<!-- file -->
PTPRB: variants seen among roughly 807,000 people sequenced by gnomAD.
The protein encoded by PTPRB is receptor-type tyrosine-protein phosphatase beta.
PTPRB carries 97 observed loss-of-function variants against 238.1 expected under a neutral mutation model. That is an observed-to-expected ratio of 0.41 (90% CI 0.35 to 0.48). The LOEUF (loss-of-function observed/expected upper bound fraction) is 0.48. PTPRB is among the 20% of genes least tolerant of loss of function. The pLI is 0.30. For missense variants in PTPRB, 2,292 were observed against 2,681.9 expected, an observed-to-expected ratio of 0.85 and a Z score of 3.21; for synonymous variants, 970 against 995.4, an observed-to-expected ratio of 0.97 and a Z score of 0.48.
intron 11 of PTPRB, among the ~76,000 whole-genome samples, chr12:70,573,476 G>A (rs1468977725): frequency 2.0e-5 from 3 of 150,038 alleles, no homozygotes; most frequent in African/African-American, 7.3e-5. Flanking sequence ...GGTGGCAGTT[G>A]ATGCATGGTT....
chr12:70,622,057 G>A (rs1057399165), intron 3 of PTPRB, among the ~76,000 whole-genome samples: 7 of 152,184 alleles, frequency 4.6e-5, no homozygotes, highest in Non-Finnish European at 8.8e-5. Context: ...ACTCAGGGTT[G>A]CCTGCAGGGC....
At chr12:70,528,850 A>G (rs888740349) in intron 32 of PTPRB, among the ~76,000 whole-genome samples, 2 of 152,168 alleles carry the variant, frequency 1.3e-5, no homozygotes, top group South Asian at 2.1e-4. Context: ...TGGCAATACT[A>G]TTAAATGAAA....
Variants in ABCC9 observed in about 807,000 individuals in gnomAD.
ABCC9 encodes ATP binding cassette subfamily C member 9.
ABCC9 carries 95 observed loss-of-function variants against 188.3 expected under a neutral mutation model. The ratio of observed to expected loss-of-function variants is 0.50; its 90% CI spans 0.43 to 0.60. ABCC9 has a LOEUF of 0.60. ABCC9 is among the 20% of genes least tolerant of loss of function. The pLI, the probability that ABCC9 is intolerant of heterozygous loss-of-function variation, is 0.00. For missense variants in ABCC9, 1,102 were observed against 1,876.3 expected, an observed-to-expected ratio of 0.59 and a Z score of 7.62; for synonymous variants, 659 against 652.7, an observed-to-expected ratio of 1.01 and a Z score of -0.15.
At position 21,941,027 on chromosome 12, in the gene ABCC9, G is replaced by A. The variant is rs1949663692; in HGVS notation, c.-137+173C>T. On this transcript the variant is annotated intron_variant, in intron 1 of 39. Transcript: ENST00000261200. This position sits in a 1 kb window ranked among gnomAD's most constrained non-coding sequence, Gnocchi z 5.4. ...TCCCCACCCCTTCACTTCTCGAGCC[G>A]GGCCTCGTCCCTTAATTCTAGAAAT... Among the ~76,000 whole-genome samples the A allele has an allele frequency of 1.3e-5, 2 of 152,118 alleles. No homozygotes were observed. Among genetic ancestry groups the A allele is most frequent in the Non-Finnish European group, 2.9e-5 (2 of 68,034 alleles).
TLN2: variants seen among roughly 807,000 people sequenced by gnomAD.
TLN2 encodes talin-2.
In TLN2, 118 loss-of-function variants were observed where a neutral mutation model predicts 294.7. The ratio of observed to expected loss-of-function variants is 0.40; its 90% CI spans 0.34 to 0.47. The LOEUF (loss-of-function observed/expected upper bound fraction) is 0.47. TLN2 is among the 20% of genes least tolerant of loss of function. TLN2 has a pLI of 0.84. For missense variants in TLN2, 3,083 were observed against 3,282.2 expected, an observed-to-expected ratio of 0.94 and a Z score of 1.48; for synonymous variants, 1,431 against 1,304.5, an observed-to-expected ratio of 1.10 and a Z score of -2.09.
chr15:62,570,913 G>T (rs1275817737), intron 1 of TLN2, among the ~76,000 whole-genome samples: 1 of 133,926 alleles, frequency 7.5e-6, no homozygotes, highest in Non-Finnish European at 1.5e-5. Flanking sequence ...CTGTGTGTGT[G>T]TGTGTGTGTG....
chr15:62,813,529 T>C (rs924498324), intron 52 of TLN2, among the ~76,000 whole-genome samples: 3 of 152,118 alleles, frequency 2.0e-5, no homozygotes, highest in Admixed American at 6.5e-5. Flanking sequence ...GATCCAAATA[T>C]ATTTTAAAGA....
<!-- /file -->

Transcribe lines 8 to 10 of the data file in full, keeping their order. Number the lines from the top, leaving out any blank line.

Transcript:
ABCC9 encodes ATP binding cassette subfamily C member 9.
ABCC9 carries 95 observed loss-of-function variants against 188.3 expected under a neutral mutation model. The ratio of observed to expected loss-of-function variants is 0.50; its 90% CI spans 0.43 to 0.60. ABCC9 has a LOEUF of 0.60. ABCC9 is among the 20% of genes least tolerant of loss of function. The pLI, the probability that ABCC9 is intolerant of heterozygous loss-of-function variation, is 0.00. For missense variants in ABCC9, 1,102 were observed against 1,876.3 expected, an observed-to-expected ratio of 0.59 and a Z score of 7.62; for synonymous variants, 659 against 652.7, an observed-to-expected ratio of 1.01 and a Z score of -0.15.
At position 21,941,027 on chromosome 12, in the gene ABCC9, G is replaced by A. The variant is rs1949663692; in HGVS notation, c.-137+173C>T. On this transcript the variant is annotated intron_variant, in intron 1 of 39. Transcript: ENST00000261200. This position sits in a 1 kb window ranked among gnomAD's most constrained non-coding sequence, Gnocchi z 5.4. ...TCCCCACCCCTTCACTTCTCGAGCC[G>A]GGCCTCGTCCCTTAATTCTAGAAAT... Among the ~76,000 whole-genome samples the A allele has an allele frequency of 1.3e-5, 2 of 152,118 alleles. No homozygotes were observed. Among genetic ancestry groups the A allele is most frequent in the Non-Finnish European group, 2.9e-5 (2 of 68,034 alleles).